Did you think Jim was self-destructive? Why would he have felt so?
No truly creative person is truly self-destructive. It may look so, at times, to the outsider, because creative people will do things in the service of their creativity that no non-creative person would ever dream of doing. But it’s not destruction, merely another form of creation; and despite the mouthings of those who were too young or too stoned or too ignorant to judge, Jim Morrison was most definitely not into destroying himself.
That said, I must also say that since Jim was an addict and not always in perfect self-command, his instinct for adventuring, that edge-walking side of him, did indeed push him into the borderlands of self-destructiveness, and sometimes right over. He often told me that the edges were the only interesting place to be, the fringes, out where all the good stuff happens. You don’t have to be an alcoholic to dig that.
And the staggering stresses he was under–personal and professional alike–didn’t help. He was a beautiful, shy, sensitive, incredibly gifted soul thrown naked and wounded and bleeding into a bear pit the like of which most of us cannot possibly imagine, armed only with his intelligence and his courage and his art; the surprise is not that it killed him but–testament to his spirit and strength–that he lasted as long as he did, long enough to realize he was never going to get out of there alive unless he changed his life. And just when he realized that, and was beginning to act on it, Pam gave him the smack.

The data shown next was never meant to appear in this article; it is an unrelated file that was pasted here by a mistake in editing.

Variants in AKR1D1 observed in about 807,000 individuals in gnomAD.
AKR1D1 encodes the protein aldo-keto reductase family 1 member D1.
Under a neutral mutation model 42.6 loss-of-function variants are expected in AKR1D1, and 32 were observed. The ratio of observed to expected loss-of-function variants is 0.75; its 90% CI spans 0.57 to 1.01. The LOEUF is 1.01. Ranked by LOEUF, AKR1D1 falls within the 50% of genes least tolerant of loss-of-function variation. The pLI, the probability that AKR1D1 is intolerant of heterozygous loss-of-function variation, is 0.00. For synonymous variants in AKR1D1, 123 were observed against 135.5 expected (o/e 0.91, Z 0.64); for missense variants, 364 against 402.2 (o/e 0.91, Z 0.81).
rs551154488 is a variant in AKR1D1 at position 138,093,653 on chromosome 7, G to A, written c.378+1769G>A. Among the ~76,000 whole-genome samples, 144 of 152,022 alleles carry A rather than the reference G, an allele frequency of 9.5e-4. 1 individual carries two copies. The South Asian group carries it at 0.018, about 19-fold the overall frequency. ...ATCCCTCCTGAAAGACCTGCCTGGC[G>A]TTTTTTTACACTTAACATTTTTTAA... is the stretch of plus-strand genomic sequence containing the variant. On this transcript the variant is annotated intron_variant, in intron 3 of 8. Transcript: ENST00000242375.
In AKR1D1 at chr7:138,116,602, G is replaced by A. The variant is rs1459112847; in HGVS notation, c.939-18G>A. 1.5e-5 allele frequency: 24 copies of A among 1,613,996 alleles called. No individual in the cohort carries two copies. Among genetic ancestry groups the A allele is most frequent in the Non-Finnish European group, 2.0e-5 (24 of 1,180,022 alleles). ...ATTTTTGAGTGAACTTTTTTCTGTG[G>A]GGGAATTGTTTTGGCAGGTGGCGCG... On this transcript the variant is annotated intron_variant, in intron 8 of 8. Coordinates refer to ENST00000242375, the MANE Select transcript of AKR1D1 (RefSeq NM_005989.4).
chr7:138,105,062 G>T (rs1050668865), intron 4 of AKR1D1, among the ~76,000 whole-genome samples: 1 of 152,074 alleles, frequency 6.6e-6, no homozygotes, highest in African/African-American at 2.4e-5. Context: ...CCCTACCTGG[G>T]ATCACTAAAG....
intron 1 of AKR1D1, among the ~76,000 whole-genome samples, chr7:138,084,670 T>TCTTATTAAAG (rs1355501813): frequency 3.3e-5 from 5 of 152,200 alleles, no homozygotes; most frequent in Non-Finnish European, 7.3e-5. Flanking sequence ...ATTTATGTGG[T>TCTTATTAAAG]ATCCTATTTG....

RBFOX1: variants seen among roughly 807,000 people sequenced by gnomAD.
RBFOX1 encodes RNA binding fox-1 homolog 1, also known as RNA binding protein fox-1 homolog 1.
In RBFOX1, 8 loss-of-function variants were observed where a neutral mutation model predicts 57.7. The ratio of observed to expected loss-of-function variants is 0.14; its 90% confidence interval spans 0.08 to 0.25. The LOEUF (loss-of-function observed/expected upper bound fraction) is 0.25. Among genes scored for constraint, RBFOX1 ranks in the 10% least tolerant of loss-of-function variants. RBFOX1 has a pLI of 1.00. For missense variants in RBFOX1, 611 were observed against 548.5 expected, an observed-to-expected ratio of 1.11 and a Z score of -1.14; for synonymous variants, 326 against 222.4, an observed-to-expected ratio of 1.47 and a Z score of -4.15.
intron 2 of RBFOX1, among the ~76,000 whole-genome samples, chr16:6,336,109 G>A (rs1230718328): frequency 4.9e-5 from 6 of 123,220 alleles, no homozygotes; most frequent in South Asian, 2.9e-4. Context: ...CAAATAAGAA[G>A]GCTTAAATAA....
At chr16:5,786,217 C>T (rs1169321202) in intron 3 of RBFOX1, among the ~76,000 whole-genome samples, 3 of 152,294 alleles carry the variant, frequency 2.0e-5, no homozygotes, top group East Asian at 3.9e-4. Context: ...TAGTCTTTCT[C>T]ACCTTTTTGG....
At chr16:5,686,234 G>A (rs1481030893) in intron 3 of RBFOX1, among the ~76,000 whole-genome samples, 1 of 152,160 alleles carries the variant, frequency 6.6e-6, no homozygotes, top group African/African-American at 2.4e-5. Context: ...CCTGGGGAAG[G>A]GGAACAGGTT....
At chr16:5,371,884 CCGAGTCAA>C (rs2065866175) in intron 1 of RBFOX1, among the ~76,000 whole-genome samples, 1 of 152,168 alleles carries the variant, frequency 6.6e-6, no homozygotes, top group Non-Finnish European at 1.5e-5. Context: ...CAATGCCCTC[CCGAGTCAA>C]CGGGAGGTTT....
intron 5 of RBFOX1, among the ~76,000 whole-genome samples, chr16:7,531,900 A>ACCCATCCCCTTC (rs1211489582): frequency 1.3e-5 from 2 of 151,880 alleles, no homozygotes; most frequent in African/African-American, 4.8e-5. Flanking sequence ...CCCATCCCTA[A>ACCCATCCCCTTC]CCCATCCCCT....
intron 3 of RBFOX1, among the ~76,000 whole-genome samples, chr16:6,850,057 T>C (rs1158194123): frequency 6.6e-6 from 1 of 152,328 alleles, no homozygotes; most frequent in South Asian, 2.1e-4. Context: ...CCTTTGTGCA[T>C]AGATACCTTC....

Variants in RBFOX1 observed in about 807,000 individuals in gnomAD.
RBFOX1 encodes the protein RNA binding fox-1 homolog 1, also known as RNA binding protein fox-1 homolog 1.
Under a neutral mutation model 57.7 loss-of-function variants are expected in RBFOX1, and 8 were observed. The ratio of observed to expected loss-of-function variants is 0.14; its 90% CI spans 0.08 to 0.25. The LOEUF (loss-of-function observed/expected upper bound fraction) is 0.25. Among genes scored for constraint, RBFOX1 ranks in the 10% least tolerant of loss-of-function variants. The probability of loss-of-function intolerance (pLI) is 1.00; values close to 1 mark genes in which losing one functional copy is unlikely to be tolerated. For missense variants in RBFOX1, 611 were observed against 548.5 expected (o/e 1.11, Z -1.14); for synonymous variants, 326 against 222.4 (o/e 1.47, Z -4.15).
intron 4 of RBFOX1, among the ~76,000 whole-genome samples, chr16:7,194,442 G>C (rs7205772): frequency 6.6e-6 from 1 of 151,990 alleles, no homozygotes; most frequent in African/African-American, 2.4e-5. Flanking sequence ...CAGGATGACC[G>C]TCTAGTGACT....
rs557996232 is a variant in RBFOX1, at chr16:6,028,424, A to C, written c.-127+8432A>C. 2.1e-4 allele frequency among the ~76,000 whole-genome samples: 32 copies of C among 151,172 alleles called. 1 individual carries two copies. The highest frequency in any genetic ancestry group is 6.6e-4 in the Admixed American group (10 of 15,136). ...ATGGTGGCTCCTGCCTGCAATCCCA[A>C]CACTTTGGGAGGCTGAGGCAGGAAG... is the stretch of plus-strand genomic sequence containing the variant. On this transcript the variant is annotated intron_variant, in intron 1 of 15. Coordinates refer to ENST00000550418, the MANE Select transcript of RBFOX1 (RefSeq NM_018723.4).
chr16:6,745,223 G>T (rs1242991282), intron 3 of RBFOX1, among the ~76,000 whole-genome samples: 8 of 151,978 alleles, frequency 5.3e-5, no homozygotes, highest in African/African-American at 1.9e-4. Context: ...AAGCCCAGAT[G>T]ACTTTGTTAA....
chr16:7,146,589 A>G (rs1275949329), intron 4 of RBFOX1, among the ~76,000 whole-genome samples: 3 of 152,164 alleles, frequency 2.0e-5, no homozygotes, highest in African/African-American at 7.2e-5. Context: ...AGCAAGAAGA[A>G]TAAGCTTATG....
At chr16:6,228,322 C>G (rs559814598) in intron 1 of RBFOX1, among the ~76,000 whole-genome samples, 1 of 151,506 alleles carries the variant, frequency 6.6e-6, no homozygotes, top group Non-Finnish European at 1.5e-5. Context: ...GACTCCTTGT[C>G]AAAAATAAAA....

I’m not going to betray Jim’s intimate confidences to me about why he felt as he felt, did as he did. Suffice it to say that he had his reasons, he told me those reasons, I thought they were good and real and true reasons, and that’s as far as I am prepared to go.